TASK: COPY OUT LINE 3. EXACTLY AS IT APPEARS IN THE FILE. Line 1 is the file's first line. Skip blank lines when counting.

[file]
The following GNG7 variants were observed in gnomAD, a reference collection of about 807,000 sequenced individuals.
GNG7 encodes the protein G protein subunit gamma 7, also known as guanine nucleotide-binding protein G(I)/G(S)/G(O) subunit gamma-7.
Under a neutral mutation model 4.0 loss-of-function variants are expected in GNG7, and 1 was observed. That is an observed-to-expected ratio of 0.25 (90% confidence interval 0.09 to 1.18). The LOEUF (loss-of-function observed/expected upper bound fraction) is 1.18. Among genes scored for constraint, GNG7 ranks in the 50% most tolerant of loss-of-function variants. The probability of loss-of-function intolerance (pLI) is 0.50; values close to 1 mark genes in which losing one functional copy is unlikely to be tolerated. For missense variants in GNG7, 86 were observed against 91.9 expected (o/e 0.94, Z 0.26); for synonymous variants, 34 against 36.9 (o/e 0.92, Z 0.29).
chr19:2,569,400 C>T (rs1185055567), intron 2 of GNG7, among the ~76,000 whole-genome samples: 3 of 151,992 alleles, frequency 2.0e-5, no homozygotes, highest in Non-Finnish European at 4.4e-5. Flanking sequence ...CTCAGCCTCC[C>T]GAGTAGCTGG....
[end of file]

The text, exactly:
Under a neutral mutation model 4.0 loss-of-function variants are expected in GNG7, and 1 was observed. That is an observed-to-expected ratio of 0.25 (90% confidence interval 0.09 to 1.18). The LOEUF (loss-of-function observed/expected upper bound fraction) is 1.18. Among genes scored for constraint, GNG7 ranks in the 50% most tolerant of loss-of-function variants. The probability of loss-of-function intolerance (pLI) is 0.50; values close to 1 mark genes in which losing one functional copy is unlikely to be tolerated. For missense variants in GNG7, 86 were observed against 91.9 expected (o/e 0.94, Z 0.26); for synonymous variants, 34 against 36.9 (o/e 0.92, Z 0.29).